Philippe Garrel is one of the major French filmmakers of the post-New Wave who has slowly begun to gain recognition in America after a career spanning 50 years with the release of his most recent films REGULAR LOVERS, FRONTIER OF DAWN and A BURNING HOT SUMMER as well as the re-release of I CAN STILL HEAR THE GUITAR PLAYING.
Shot in lustrous, widescreen black and white by the great Willy Kurant (MASCULIN FEMININ, UNDER THE SUN OF SATAN), JEALOUSY may be Philippe Garrel’s most accessible film in nearly 50 years of filmmaking.
The movie Jealousy opens with a man leaving his wife and daughter and, in a series of brief conversations, observed gestures, chance encounters and impulsive acts, tells the story of the relationships that flounder and thrive in the wake of this decision.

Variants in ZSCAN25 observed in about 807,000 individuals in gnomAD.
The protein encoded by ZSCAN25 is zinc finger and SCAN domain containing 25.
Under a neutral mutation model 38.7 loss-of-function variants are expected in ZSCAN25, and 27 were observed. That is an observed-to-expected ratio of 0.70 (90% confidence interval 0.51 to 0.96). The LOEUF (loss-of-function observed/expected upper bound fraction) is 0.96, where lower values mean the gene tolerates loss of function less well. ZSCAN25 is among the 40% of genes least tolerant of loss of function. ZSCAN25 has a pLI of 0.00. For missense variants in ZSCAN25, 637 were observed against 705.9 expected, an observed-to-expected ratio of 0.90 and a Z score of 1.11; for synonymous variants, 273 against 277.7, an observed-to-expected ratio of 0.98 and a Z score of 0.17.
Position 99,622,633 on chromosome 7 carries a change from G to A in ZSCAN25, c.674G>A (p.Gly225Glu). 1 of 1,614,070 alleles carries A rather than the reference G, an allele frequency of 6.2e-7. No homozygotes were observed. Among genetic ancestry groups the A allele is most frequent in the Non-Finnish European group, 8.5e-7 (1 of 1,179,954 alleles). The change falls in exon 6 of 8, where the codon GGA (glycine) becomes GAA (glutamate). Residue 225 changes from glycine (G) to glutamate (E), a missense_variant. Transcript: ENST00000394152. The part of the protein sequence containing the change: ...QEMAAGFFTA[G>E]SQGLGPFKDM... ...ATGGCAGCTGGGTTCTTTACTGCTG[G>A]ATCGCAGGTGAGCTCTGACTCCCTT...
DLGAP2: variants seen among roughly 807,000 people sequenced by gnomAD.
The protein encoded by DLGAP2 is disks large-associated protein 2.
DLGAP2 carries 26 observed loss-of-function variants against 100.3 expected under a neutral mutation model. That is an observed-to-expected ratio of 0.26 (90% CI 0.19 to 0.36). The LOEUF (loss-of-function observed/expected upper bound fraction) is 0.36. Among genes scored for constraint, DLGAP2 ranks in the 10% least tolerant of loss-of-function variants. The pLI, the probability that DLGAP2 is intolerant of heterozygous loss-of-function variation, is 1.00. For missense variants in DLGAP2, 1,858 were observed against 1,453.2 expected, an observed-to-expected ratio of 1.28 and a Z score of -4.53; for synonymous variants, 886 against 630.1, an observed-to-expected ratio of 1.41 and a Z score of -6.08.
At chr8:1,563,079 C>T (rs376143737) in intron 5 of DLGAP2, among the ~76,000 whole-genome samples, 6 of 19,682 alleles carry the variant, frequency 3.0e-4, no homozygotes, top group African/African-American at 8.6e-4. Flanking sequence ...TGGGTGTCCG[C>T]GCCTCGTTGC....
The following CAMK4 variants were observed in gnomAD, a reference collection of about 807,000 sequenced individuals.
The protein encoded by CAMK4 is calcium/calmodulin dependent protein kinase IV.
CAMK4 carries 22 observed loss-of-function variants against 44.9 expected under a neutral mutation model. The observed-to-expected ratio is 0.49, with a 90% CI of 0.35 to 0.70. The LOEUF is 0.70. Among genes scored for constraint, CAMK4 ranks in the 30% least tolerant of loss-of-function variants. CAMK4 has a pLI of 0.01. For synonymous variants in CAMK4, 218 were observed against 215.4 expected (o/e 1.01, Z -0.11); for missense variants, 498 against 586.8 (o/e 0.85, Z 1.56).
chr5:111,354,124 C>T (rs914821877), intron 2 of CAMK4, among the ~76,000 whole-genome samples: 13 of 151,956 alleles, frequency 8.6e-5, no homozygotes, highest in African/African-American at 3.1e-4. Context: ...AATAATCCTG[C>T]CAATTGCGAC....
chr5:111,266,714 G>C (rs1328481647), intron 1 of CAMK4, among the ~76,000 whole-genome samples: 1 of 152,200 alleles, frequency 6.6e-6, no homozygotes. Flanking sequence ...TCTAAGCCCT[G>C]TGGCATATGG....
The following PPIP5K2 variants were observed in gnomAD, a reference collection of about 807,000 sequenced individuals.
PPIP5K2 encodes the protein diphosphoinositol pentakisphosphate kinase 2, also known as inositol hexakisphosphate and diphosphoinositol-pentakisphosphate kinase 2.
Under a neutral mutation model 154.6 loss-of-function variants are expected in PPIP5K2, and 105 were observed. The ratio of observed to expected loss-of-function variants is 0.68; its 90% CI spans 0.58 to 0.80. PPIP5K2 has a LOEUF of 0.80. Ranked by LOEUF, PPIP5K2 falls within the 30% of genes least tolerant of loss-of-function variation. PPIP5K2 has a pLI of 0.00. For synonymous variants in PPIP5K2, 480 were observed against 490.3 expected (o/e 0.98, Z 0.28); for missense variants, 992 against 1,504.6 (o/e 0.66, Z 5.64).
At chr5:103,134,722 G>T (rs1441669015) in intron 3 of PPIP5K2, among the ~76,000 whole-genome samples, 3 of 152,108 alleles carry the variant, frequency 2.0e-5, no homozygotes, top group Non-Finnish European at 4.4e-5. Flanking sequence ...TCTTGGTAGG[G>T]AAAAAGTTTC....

Louis Garrel, the director’s son and frequent star, plays the husband who moves into a garret apartment with his fellow actor girlfriend (Anne Mouglalis) as they struggle with fidelity and the temptation to give up their art for an easier life.
Shot with Garrel’s celebrated sensitivity and attention to faces, bodies, hands and the intricacies of the human heart, JEALOUSY is an especially intimate, deeply poignant and never less than enthralling tale of love, temptation and betrayal.